Bernice R. Sandler, Ed.D.

Dr. Bernice R. Sandler is a visionary and pioneer for gender equality in education. Widely known as the "Godmother of Title IX," Dr. Sandler has spent over fifty years advocating for women's rights.

After receiving her doctorate in Counseling and Personnel Services from the University of Maryland, Dr. Sandler sought out a faculty position at the school for which she was particularly well qualified for. She was denied the position because she came on "too strong for a woman." Ever since encountering that act of discrimination, Dr. Sandler has fought for the rights of women in the field of education.

While volunteering for the Women's Equity Action League from 1969 to 1971, Dr. Sandler worked to enforce an Executive Order signed by President Lyndon Johnson that prohibited sex discrimination within organizations with federal contracts. While most universities did not have policies eliminating gender discrimination, most had federals contracts. Dr. Sandler filed sex discrimination complaints against 250 institutions under this Executive Order. With Representative Edith Green, she went on to spearhead hearings that documented discrimination in employment and educational opportunities. These hearings lead to the passage of Title IX and other laws eliminating overt discrimination in education. Dr. Sandler's key role in the creation and implementation of this law gave her the nickname, the "Godmother of Title IX."

Dr. Sandler has been a part of many "firsts" in the fight for gender equality. In 1970, she was the first person to testify before the U.S. Congress about gender discrimination in education. She then became the first person appointed to the staff a Congressional committee specifically for issues concerning women's rights. In 1971, Dr. Sandler, working with the U.S. Department of Health, Education, and Welfare, wrote the first federal policy report regarding sex discrimination in education. As a result of these efforts, Dr. Sandler was appointed to chair the first federal Advisory Committee on Women's Educational Equity.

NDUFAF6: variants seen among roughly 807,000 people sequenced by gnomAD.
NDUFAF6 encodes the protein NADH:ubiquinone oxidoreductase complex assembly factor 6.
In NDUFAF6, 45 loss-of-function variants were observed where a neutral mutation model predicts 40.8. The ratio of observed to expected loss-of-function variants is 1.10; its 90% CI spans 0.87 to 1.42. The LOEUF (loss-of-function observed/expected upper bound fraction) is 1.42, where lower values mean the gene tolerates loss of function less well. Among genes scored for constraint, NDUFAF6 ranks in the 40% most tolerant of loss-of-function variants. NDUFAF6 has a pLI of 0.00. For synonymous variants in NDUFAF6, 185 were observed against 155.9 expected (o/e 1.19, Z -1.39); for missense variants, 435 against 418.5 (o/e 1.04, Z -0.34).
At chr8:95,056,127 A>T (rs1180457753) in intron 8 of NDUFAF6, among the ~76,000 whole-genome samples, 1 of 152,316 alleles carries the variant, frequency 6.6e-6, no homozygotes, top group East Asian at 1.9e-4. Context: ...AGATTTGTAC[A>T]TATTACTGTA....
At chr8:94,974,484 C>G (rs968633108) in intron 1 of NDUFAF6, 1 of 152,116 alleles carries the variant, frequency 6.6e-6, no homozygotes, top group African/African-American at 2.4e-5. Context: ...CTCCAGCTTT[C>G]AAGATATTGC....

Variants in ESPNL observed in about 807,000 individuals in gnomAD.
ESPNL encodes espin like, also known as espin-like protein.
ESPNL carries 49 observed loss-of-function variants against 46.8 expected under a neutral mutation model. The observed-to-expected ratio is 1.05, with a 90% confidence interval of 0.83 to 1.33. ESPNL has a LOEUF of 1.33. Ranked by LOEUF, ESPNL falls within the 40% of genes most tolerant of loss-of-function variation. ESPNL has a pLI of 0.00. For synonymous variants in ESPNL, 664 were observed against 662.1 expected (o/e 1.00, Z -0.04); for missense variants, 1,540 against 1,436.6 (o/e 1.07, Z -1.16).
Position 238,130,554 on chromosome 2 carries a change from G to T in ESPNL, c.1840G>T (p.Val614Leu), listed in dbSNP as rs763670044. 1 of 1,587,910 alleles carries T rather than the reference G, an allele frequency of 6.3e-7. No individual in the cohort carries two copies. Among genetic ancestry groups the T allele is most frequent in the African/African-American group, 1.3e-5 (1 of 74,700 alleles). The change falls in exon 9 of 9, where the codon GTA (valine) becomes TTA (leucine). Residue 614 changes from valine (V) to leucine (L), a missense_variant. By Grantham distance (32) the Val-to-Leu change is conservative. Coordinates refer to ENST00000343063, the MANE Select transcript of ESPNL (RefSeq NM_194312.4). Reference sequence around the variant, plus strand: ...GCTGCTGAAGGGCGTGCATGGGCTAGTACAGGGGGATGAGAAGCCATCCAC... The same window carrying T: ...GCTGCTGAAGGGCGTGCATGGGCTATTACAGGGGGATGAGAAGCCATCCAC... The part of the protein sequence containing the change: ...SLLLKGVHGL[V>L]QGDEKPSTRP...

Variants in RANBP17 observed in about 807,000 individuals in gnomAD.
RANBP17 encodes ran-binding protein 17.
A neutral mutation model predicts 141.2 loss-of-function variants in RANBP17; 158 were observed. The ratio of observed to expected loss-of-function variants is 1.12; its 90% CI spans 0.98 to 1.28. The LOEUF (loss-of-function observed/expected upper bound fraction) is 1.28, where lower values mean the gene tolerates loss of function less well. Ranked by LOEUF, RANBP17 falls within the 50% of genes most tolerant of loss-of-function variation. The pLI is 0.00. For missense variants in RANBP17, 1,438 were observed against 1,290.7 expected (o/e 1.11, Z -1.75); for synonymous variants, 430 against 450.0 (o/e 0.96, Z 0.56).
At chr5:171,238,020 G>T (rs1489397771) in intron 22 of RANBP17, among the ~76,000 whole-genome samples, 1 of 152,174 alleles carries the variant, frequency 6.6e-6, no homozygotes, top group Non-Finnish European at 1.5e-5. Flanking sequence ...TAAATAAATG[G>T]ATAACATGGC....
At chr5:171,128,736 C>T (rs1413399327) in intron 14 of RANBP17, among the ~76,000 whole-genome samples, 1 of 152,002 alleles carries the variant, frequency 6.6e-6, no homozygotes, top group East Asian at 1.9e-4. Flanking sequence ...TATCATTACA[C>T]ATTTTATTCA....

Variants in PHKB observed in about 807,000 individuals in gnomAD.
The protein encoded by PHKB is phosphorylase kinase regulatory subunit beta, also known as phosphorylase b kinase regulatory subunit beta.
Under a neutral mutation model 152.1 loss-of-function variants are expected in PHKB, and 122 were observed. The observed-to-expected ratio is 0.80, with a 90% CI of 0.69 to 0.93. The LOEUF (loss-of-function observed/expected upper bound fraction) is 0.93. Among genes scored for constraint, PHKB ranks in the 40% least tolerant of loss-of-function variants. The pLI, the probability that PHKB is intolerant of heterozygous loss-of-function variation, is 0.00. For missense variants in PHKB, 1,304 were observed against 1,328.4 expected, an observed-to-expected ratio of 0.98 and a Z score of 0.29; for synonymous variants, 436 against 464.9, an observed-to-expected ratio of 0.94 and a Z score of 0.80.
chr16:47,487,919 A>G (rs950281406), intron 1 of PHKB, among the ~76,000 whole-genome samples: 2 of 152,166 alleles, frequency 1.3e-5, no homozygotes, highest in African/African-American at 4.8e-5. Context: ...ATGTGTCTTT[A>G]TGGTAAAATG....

Dr. Sandler's "firsts" extend to many reports she wrote on gender equity. She wrote the first report on peer harassment in the classroom and the first report examining the process and procedures used to nominate and award campus prizes that inadvertently exclude women. Dr. Sandler also wrote the first report on campus gang rape and the first report providing search committees with questions to determine how supportive potential faculty or administrative members were of gender equality. In 1982, she wrote the first report on the chilly campus climate, a term Dr. Sandler coined to describe how small unknown behaviors can have a detrimental impact on women's ambition, contribution, and self-esteem. In 1989 and 1990, Dr. Sandler wrote the first reports on the chilly climate faced specifically by African American and Hispanic women on campus.

In the courtroom, Dr. Sandler has served as an expert witness in many cases involving sexual harassment or discrimination in educational institutions or the workplace. Her publication, "10 Ways Expert Witnesses Can be Used in Sex Discrimination and Sexual Harassment Cases," has served as a standard reference for educators, lawyers, and bar associations since its publication in 1997.

Dr. Sandler's work for gender equity in education is extremely extensive. She has written over 100 articles, served on over thirty boards, given over 2,500 presentations, and appeared in many major media outlets, including the New York Times, Sports Illustrated, and Larry King Live. Her books comprise of, The Chilly Classroom Climate: A Guide to Improve the Education of Women, Sexual Harassment on Campus: A Guide for Administrators, Faculty and Students, and Peer Sexual Harassment, K-12. She has received numerous honors for her work including the "Century of Women Special Achievement Award" from the Turner Broadcasting System and over ten honorary doctorates.

Dr. Sandler is currently a Senior Scholar at the Women's Research and Education Institute in Washington, D.C. and an Adjunct Associate Professor at Drexel University College of Medicine.

Biography courtesy of the Maryland Commission for Women, 2010.

© Copyright Maryland State Archives, 2010